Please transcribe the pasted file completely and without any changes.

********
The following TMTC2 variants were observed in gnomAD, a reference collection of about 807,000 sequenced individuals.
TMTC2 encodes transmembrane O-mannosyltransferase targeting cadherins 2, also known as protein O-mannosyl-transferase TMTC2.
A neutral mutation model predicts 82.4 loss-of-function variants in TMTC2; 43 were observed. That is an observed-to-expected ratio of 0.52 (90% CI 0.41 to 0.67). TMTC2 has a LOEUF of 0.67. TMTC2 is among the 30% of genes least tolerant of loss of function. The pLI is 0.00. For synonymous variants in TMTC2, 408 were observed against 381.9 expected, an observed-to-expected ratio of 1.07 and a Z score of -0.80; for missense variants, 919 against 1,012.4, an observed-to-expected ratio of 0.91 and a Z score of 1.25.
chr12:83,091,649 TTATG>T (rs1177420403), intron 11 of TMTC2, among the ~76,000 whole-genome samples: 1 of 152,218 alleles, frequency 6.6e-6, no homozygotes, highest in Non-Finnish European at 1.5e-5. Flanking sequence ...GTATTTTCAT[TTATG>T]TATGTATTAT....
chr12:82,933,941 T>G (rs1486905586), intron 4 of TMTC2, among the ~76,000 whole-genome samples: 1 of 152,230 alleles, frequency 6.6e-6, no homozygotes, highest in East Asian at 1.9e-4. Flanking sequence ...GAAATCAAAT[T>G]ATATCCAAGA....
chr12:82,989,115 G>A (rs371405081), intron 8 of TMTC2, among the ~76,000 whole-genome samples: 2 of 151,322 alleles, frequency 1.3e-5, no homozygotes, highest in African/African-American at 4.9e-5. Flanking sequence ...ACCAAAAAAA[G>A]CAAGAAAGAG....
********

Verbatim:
The following TMTC2 variants were observed in gnomAD, a reference collection of about 807,000 sequenced individuals.
TMTC2 encodes transmembrane O-mannosyltransferase targeting cadherins 2, also known as protein O-mannosyl-transferase TMTC2.
A neutral mutation model predicts 82.4 loss-of-function variants in TMTC2; 43 were observed. That is an observed-to-expected ratio of 0.52 (90% CI 0.41 to 0.67). TMTC2 has a LOEUF of 0.67. TMTC2 is among the 30% of genes least tolerant of loss of function. The pLI is 0.00. For synonymous variants in TMTC2, 408 were observed against 381.9 expected, an observed-to-expected ratio of 1.07 and a Z score of -0.80; for missense variants, 919 against 1,012.4, an observed-to-expected ratio of 0.91 and a Z score of 1.25.
chr12:83,091,649 TTATG>T (rs1177420403), intron 11 of TMTC2, among the ~76,000 whole-genome samples: 1 of 152,218 alleles, frequency 6.6e-6, no homozygotes, highest in Non-Finnish European at 1.5e-5. Flanking sequence ...GTATTTTCAT[TTATG>T]TATGTATTAT....
chr12:82,933,941 T>G (rs1486905586), intron 4 of TMTC2, among the ~76,000 whole-genome samples: 1 of 152,230 alleles, frequency 6.6e-6, no homozygotes, highest in East Asian at 1.9e-4. Flanking sequence ...GAAATCAAAT[T>G]ATATCCAAGA....
chr12:82,989,115 G>A (rs371405081), intron 8 of TMTC2, among the ~76,000 whole-genome samples: 2 of 151,322 alleles, frequency 1.3e-5, no homozygotes, highest in African/African-American at 4.9e-5. Flanking sequence ...ACCAAAAAAA[G>A]CAAGAAAGAG....